On 16 January 2024, the second ECB@25 Symposium was hosted by Professor Mary Pieterse-Bloem (Erasmus School of Economics Professor of Financial Markets) at our Pavilion. The first ECB@25 Symposium was held on 7 July 2023, on the 25th anniversary of the ECB, and was graced by prominent Dutch speakers (The 25th anniversary ECB Symposium).
This second symposium coincided with the 25th anniversary of the introduction of the euro and gave the floor to international speakers with a highly distinguished and long-standing academic track record in monetary economics. Participants from academia, public and financial institutions, as well as PhD candidates and Master students from Erasmus School of Economics attended the symposium.
|13:00 – 13.15hrs: Opening by Mary Pieterse-Bloem & Sylvester Eijffinger
|13:15 – 14.00hrs: Paper presentation by Paul De Grauwe and Yuemei Ji – How to conduct monetary policies. The ECB in the past, present and future (a paper co-authored with Yuemei Ji)
|14:00 – 14.45hrs: Paper presentation by Charles Goodhart – Beyond the Great Moderation
|15.00 – 15.45hrs: Paper presentation by Menzie Chinn, Jeffrey Frankel and Hiro Ito – The Dollar versus the Euro as International Currencies
|15.45 – 16.45hrs: Panel Discussion led by Sylvester Eijffinger (Emeritus Professor at Tilburg University)
|16:45 – 17.00hrs: Closing remarks by Mary Pieterse-Bloem
Paul De Grauwe
Paul De Grauwe, John Paulson Professor of European Political Economy at London School of Economics and Political Science (LSE) and Emeritus Professor at the Catholic University of Louvain (KUL), presented an analysis of how the operating procedures of the ECB have changed over time, and of the factors that drove these changes. The most poignant points were made on the present reserve abundant regime: De Grauwe and Ji argue that the rate rises, needed to fight inflation, have in the present regime caused the ECB to effectively transfer a large amount of money, estimated at approximately 146 billion euro, to banks in the eurozone. The two main problems of this transfer are a loss of effectiveness of monetary policies and societal unfairness for taxpayers. Hence De Grauwe and Yuemei Ji are proposing an alternative operating procedure: a two-tier system of reserve requirements.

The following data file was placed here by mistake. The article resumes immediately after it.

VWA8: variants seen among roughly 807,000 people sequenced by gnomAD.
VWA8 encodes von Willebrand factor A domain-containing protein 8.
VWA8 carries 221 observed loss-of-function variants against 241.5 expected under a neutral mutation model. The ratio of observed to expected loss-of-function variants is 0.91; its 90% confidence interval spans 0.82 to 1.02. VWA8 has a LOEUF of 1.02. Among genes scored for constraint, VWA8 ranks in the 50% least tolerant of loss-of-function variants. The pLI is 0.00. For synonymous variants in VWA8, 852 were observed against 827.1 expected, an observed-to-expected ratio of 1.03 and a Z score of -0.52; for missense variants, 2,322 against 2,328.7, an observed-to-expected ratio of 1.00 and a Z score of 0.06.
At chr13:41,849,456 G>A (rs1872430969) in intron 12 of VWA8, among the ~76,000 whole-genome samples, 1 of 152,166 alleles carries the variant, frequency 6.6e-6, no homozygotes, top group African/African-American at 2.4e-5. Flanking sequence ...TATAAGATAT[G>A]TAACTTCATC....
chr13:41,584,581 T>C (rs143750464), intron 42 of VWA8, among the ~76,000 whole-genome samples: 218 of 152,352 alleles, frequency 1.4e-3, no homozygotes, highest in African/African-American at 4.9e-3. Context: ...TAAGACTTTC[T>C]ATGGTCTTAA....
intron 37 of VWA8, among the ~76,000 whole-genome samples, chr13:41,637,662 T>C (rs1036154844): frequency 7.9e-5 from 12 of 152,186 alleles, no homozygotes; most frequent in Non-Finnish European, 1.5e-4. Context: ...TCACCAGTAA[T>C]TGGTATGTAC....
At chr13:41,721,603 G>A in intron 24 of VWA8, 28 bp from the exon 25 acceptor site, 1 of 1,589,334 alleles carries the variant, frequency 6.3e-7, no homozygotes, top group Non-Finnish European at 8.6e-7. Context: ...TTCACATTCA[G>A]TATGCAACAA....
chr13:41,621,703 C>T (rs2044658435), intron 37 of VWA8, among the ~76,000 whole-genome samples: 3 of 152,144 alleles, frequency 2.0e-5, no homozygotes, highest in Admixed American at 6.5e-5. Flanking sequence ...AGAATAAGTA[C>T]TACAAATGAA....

The Slide Decks of all the presentations can be downloaded at the bottom of the page
Charles Goodhart (LSE), Emeritus Professor, previously Norman Sosnow Chair of Banking and Finance, also formerly External Member of the Monetary Policy Committee of the Bank of England, took a longer term perspective on central banks’ ability to maintain price stability. His main point is that central banks had it easy over the past thirty years, from an abundance of labour, globalization and China and Eastern Europe entering the world trading system, fueling economic growth in a non-inflationary way. Central banks take too much credit for these outcomes, and have been excessively worried about a deflationary spiral. Unfortunately for the young, the next 25 years are not looking particularly good because the three Ds, Demographics, Deglobalisation and Decarbonisation, are all going to be very taxing for the world economy, and will lead to inflationary pressures in an environment where debt ratios in a number of countries are already high. As for demographics, Goodhart is particularly concerned about the likely growing number of incapacitated elderly amongst the ageing population which many countries cannot afford to care for adequately. His prediction is that 2024 will be a comfortable year for Central Banks, but that 2025 and future decades will be much more challenging.
Menzie Chinn, Jeffrey Frankel and Hiroyuki Ito
Menzie Chinn, Professor at the University of Wisconsin-Madison, Jeffrey Frankel, Professor at Harvard Kennedy School of Harvard University and Hiro Ito, Department Chair Professor at Portland State University presented an update of a paper published by Menzie Chinn and Jeffrey Frankel together some 19 years ago entitled “Will the Euro Eventually Surpass the Dollar as Leading International Reserve Currency?”. In this 2005 paper they found that the Euro would catch up with the Dollar by 2020, provided that the UK and Sweden would join the eurozone and that the Dollar would continue its trend depreciation. Together with Hiroyuki Ito, Chinn and Frankel now conclude that neither of those two things happened: the Euro’s share stayed below 20%. The extensive empirical analysis conducted in this latest paper shows that the Dollar retains dominance as reserve currency, due to its use as anchor currency, the US economy’s size and that the euro is held in large part due to trade as international reserve currency.
A lively discussion followed by the speakers and the participants moderated by Sylvester Eijffinger on the likelihood that non-interest bearing minimum reserves of banks in the eurozone will be raised by the ECB, on ways for Europe to make the caretaking of the incapacitated elderly affordable and on whether the introduction of the digital euro will be a game changer for its international reserve currency status.
The symposium was closed by Mary Pieterse-Bloem, after which Charles Hermans, Director of Alumni Affairs at Erasmus School of Economics, presented the Biography of Jan Tinbergen: ‘Jan Tinbergen (1903-1994) and the Rise of Economic Expertise' by Erwin Dekker, to the speakers of the second ECB@25 symposium at Erasmus University Rotterdam.